The major units in the Latvian navy are the 5 tripartite minehunters it received from the Dutch Navy in the 2007-2011 timeframe. These are the same class of minehunters that are also in use by the Dutch, Belgian and French navy. Build in 1984, these vessels are currently 30 years old. Given the fact that both the Dutch as the Belgian navy are planning to replace these vessels in their own navies around the 2020 timeframe then one can expect that Latvia will follow this move and start looking for new minehunters around the 2020-2025 timeframe.
The 5 patrol boats of the Skrunda class form the other major part of the Latvian navy. These ships are aimed to patrol the coastal waters and enforce Latvian law such as fisheries inspections, search and rescue, sovereignty enforcement and other tasks. Build between 2009 and 2013 these are the most modern ships in the Latvian navy. These ships are also capable to carry a mission module the size of a 20ft ISO container and a weight up to 6 tons. This allows each ship to carry a mission module tailor made for each type of mission ranging up from weapon systems, hydrographic survey or even supporting equipment for divers.
|Skrunda class patrol boats|
The Virsaitis class minelayer dates back from 1978 and was transferred from Norway to the Latvian navy in 2003. The ship currently serves as the command and support vessel although it is still capable of performing the task of lying mines.
The Varonis dates back from 1973 and entered service in 2004 after having served in the Dutch navy and serves now as a logistics and training vessel.
The main element of the Lithuanian navy are the 3 ships of the Danish Flyvefisken class patrol vessels, also known as the Standard Flex 300 class. These ships were transferred to the Lithuanian navy in the 2008-2010 timeframe. Although these ships are built between 1985 and 1995 they are still in a good condition. The main advantage of the Standard Flex 300 is that it is capable of carrying mission modules in containers, allowing these ships to change their roles in a 48 hour timeframe. These ships can either be used for surveillance and combat against light enemy warships or to perform MCM or minelaying operations. They even have the capability to carry Harpoon missiles and light weight torpedo’s.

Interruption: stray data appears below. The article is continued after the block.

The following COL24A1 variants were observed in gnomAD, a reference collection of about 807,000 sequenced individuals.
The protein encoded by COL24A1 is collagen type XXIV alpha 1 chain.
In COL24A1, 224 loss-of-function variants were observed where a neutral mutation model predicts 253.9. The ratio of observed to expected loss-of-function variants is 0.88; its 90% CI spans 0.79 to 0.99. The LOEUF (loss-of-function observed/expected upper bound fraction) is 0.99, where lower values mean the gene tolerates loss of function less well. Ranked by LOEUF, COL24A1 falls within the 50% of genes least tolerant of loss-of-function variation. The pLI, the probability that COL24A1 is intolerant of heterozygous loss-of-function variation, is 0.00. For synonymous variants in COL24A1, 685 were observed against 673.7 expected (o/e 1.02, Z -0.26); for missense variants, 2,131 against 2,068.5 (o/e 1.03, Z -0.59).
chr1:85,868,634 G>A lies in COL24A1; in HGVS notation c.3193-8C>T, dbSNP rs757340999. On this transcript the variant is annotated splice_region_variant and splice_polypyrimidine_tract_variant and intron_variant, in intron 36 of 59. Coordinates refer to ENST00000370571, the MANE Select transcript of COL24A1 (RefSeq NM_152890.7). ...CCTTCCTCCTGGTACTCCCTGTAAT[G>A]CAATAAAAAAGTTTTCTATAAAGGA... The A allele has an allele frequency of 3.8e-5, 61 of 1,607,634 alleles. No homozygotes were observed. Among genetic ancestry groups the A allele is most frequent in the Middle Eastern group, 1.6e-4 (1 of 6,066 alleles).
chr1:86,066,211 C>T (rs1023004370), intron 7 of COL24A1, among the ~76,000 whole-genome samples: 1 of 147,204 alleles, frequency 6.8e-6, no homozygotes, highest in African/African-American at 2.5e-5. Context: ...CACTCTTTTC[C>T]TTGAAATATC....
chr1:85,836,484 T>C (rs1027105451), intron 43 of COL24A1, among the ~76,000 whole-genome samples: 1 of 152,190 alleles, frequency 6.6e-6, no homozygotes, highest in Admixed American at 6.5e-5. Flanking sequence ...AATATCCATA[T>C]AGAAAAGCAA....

|P12 Dzukas: a Standard Flex 300 patrol boat|
Like it’s two Baltic neighbors, the Lithuanian navy also has a MCM capacity that is currently in the process of being upgraded. The two Lindau class minesweepers dating back from 1957 are replaced by two Hunt class minehunters from the Royal Navy. However, these two ships will be in need of replacement in the 2020-2025 timeframe given the fact that they date back from 1982 and are already 32 years old. Nevertheless is the transition from minesweeping to minehunting already a big improvement for the Lithuanian navy. Before these two minehunters were delivered they underwent upgrades both in sonar, weapons as machinery.